Originally published in The Statesman
Only one player seemed able to shoot the three-pointer at Island Federal Credit Union Arena on Saturday night. Luckily for the Vermont Catamounts, that player was theirs.
Ernie Duncan, Vermont’s redshirt sophomore guard, made six three-pointers in the team’s 74-67 win over Stony Brook. The Catamounts redeemed themselves against the team that handed them a loss in the America East Championship last season and maintained a perfect 8-0 record in 2017 conference play.
The Seawolves trailed by as many as 17 points in the first half, but crawled their way back to a 50-50 tie with 11:02 left to play in the game.
An erratic performance behind the three-point line plagued Stony Brook down the stretch; the team’s 2-for-19 shooting from beyond the arc was its worst showing in the discipline all season.
“We knew watching the tape that, the way they play defense, we could get open shots,” Stony Brook head coach Jeff Boals said. “Out of those 19 shots, I’d probably take 14 of them again. They were wide open looks.”
Duncan totaled 22 points for the Catamounts in the game. His fifth three-pointer, with 2:24 remaining in the first half, gave his team a 39-22 lead. But the Seawolves showed resilience in a measuring-stick game against the conference favorites.
Senior guard Lucas Woodhouse rattled in a double-pump fadeaway jumper at the first-half buzzer to cap an 8-0 run and cut the score to 39-30. The point guard was stellar throughout the contest, recording 22 points and five assists, without committing a turnover.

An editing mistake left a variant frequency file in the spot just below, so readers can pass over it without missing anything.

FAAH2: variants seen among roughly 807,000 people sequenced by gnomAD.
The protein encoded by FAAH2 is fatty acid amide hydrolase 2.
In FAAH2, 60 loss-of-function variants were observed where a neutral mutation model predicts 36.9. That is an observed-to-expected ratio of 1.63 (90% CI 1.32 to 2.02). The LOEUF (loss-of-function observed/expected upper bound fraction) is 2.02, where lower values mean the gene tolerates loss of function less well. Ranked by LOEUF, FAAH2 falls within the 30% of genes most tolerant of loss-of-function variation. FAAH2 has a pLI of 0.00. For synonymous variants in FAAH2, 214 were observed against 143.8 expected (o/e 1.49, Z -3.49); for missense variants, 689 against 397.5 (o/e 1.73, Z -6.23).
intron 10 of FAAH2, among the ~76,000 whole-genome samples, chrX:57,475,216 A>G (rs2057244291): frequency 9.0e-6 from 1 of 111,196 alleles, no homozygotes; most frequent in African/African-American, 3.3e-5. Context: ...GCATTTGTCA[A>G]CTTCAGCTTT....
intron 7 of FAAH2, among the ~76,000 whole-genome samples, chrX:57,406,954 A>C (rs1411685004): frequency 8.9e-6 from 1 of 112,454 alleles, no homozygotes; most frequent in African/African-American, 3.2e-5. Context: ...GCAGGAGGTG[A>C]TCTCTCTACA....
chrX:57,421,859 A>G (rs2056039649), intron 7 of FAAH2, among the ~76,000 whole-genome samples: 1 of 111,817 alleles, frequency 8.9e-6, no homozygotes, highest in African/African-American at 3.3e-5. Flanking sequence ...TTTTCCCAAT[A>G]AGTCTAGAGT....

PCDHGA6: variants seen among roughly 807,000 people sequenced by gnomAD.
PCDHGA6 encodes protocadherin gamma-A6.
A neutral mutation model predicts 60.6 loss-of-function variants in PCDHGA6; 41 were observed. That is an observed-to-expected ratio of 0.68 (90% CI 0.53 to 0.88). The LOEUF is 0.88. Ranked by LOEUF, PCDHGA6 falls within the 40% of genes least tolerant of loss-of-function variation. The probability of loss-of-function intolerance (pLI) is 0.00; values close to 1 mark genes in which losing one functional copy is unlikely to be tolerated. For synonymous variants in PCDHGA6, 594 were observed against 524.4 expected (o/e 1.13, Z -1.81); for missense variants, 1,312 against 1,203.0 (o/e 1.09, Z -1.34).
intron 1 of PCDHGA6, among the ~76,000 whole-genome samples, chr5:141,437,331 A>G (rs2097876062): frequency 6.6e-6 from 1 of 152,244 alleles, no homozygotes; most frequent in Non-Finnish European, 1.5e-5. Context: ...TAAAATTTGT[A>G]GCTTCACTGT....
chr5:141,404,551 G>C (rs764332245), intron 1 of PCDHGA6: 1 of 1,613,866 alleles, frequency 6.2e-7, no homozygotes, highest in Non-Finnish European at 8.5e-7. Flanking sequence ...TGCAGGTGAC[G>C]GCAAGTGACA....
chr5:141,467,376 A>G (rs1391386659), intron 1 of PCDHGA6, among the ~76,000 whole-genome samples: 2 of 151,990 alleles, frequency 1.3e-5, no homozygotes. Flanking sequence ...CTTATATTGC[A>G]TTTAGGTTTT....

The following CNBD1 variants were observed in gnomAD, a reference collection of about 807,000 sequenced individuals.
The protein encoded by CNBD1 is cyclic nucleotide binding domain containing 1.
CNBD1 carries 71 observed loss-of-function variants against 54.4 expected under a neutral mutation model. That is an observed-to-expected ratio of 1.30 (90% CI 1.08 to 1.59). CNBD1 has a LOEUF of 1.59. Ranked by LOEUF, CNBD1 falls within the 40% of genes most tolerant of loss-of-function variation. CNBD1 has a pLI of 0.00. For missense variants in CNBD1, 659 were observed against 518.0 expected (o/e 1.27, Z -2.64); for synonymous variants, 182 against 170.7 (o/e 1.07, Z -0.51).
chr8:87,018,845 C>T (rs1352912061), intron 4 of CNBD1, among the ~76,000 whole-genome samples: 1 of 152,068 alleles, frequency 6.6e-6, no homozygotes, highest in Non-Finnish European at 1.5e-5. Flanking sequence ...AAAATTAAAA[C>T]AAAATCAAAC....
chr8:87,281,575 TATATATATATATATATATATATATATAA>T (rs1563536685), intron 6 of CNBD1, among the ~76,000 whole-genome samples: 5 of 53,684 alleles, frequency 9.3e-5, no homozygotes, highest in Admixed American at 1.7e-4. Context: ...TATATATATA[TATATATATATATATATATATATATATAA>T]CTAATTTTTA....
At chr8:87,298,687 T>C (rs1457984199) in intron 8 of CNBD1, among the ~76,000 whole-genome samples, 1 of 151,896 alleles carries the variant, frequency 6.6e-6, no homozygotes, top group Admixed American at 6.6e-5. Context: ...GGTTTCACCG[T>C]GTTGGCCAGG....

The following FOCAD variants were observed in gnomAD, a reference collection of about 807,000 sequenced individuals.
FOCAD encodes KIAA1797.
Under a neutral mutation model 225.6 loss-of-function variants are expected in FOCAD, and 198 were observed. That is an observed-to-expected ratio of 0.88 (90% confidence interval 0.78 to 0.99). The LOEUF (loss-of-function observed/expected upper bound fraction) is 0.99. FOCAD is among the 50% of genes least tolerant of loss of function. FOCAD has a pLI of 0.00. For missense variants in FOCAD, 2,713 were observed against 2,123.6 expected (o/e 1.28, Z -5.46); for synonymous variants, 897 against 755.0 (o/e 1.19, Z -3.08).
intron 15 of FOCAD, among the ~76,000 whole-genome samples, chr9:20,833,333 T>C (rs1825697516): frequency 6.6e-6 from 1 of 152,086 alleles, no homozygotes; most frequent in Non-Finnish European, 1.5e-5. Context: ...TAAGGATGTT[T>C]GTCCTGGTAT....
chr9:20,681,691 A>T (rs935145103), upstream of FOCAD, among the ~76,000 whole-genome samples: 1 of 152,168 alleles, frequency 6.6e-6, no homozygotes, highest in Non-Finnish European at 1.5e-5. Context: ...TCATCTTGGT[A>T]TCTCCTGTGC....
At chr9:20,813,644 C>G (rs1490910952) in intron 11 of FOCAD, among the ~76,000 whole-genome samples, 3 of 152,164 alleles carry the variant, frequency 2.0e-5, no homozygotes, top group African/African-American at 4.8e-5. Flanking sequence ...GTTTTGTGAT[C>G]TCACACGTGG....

“He’s got the ultimate green light,” Boals said. “I don’t know what’s greener than green. … I tell him, ‘Just throw them up there — they’ll go in.’ When he’s aggressive we’re a completely different team. I thought in the first half he was passing shots up, which I think hurt us, but he’s just not a selfish type of kid.”
It was during a second Stony Brook run — a 15-2 span early in the second half — that Boals himself waved to pump up the crowd, and it obliged. Fueled by offensive rebounds and seven points by Woodhouse, the Seawolves made the score 50-50.
The Seawolves had 12 offensive rebounds in the game, with junior center Jakub Petras and junior forward Junior Saintel grabbing four and two, respectively.
“Jake’s just a high energy guy,” Boals said. “He’s really figured out what his role is, accepted his role and is really playing out his role very well.”
But just as the Seawolves approached the precipice of a scoreboard advantage, the rim turned against them. Freshman forward Akwasi Yeboah missed six of his seven three-point attempts and junior guard Bryan Sekunda, who entered as the team’s No. 2 shooter (behind Woodhouse), missed all three of his tries.
“It was just an off night,” Woodhouse said. “They’re a good defensive team, but for us to shoot that bad. … I don’t think we’ll shoot that bad [against them] again.”
Stony Brook was still within two points with two minutes to play in the game, but Vermont freshman forward Anthony Lamb scored a layup to put Vermont up four. On the next Catamounts possession, Saintel committed an ill-advised foul while trying to jump a passing lane, allowing Duncan to shoot a pair of free-throws to put his team up six and seal the Seawolves’ fate.
Stony Brook will play a home game against New Hampshire on Wednesday in a crucial America East conference matchup. The Seawolves are the league’s second place team with a 6-2 record, while the Wildcats lag slightly behind in third, with a 5-3 record, meaning the game has significant seeding implications.
Stony Brook beat New Hampshire, 59-56, in the teams’ first meeting in the Granite State on Jan. 5.
“I told our guys, ‘You’re 6-and-2. You’ve won six games. Everyone’s going to come at you now,’” Boals said. “We’re no longer the preseason number seven pick. We’re the number two team in the conference. We’re going to get everyone’s best shot.”